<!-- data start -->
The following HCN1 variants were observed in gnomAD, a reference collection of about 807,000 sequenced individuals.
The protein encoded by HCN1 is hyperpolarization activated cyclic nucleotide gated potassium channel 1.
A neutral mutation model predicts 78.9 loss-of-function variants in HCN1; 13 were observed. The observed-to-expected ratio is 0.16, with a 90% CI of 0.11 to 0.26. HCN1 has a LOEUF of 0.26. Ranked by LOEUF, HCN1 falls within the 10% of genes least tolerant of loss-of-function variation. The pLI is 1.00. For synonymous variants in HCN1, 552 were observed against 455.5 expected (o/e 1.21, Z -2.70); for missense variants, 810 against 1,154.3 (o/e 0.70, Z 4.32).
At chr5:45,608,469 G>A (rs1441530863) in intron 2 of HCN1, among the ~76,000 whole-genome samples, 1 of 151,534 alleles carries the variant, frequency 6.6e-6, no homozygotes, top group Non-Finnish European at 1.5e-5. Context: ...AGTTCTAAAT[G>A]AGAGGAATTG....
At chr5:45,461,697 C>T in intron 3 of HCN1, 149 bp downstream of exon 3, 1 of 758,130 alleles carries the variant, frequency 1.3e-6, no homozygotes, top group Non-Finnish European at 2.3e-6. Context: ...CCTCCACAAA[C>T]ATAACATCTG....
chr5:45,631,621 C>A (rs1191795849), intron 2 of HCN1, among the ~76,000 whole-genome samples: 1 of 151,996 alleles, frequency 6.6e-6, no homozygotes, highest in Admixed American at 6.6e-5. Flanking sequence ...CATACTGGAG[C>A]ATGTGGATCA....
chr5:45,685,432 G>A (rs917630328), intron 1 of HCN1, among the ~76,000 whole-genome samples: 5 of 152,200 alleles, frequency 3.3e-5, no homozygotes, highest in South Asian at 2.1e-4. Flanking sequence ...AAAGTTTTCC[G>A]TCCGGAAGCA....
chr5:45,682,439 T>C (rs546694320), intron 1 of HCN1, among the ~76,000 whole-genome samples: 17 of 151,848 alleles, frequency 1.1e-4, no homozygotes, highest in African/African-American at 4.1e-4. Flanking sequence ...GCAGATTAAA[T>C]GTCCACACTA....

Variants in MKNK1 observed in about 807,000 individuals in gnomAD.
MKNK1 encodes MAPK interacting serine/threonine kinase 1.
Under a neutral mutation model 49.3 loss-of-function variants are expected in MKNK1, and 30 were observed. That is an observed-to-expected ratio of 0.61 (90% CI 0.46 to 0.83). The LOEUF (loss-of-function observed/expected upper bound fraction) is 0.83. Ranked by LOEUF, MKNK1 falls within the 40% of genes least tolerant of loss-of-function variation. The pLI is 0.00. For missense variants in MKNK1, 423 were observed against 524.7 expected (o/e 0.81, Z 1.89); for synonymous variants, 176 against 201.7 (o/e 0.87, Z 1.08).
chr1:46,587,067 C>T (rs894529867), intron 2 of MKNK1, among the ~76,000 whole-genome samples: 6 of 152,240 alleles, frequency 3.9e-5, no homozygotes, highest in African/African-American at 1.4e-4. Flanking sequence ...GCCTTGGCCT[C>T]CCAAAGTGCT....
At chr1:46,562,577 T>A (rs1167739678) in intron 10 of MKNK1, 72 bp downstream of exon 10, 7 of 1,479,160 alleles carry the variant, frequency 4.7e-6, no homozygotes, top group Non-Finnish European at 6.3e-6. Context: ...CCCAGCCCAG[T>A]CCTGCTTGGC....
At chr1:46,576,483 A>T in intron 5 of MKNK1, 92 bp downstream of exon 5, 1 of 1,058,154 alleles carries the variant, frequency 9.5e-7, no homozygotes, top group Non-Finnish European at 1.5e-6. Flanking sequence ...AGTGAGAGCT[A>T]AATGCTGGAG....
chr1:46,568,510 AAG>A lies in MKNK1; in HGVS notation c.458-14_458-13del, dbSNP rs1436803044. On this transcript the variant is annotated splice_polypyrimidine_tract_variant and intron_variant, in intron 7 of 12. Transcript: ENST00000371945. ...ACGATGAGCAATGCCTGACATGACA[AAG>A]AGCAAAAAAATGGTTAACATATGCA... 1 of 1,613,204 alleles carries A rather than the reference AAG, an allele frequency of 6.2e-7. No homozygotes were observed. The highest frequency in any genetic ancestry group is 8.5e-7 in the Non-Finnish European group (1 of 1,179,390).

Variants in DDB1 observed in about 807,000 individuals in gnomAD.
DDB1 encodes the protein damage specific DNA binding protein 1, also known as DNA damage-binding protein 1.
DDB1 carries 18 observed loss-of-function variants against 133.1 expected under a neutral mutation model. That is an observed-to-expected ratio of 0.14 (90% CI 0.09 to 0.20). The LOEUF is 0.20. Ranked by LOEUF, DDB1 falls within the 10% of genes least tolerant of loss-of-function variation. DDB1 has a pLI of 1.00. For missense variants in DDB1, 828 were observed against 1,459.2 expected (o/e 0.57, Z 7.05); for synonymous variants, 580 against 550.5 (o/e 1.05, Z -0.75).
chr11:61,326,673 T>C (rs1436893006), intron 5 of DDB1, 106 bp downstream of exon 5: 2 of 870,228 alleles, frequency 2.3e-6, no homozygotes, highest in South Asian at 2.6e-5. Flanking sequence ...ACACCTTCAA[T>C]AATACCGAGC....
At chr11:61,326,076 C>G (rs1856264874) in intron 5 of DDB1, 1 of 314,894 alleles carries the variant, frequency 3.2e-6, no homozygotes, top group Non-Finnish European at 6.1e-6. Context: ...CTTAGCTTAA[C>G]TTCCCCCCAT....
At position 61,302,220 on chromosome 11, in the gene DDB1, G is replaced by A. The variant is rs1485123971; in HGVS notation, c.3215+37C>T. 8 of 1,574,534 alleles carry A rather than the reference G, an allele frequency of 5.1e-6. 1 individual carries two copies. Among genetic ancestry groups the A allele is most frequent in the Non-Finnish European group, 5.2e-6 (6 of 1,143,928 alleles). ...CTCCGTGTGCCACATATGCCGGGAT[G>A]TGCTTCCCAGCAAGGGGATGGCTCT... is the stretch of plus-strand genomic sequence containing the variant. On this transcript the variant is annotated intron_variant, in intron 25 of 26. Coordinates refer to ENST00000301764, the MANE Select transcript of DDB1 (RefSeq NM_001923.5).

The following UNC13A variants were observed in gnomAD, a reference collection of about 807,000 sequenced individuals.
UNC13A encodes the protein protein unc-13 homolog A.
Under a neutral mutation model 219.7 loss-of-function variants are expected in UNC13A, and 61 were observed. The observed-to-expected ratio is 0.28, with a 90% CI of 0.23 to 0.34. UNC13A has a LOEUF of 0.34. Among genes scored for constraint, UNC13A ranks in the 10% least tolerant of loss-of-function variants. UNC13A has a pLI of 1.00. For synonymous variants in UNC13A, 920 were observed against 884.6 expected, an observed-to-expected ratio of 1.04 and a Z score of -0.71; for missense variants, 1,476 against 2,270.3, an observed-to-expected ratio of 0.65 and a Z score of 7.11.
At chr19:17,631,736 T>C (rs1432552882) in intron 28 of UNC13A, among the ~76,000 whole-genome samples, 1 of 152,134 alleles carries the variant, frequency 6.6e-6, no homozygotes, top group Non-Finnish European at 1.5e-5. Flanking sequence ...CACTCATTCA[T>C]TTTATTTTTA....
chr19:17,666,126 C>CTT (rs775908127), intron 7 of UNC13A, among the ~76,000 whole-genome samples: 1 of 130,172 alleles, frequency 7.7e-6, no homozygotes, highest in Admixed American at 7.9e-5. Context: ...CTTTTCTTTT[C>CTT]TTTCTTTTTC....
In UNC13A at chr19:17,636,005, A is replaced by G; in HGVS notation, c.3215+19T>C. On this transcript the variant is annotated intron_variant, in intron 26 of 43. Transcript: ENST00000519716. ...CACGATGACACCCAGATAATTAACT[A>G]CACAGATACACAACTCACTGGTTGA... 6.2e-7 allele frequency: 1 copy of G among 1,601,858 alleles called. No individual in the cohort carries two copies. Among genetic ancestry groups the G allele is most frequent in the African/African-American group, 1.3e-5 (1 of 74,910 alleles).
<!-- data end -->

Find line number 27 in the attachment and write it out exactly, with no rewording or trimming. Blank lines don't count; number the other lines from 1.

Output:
In UNC13A at chr19:17,636,005, A is replaced by G; in HGVS notation, c.3215+19T>C. On this transcript the variant is annotated intron_variant, in intron 26 of 43. Transcript: ENST00000519716. ...CACGATGACACCCAGATAATTAACT[A>G]CACAGATACACAACTCACTGGTTGA... 6.2e-7 allele frequency: 1 copy of G among 1,601,858 alleles called. No individual in the cohort carries two copies. Among genetic ancestry groups the G allele is most frequent in the African/African-American group, 1.3e-5 (1 of 74,910 alleles).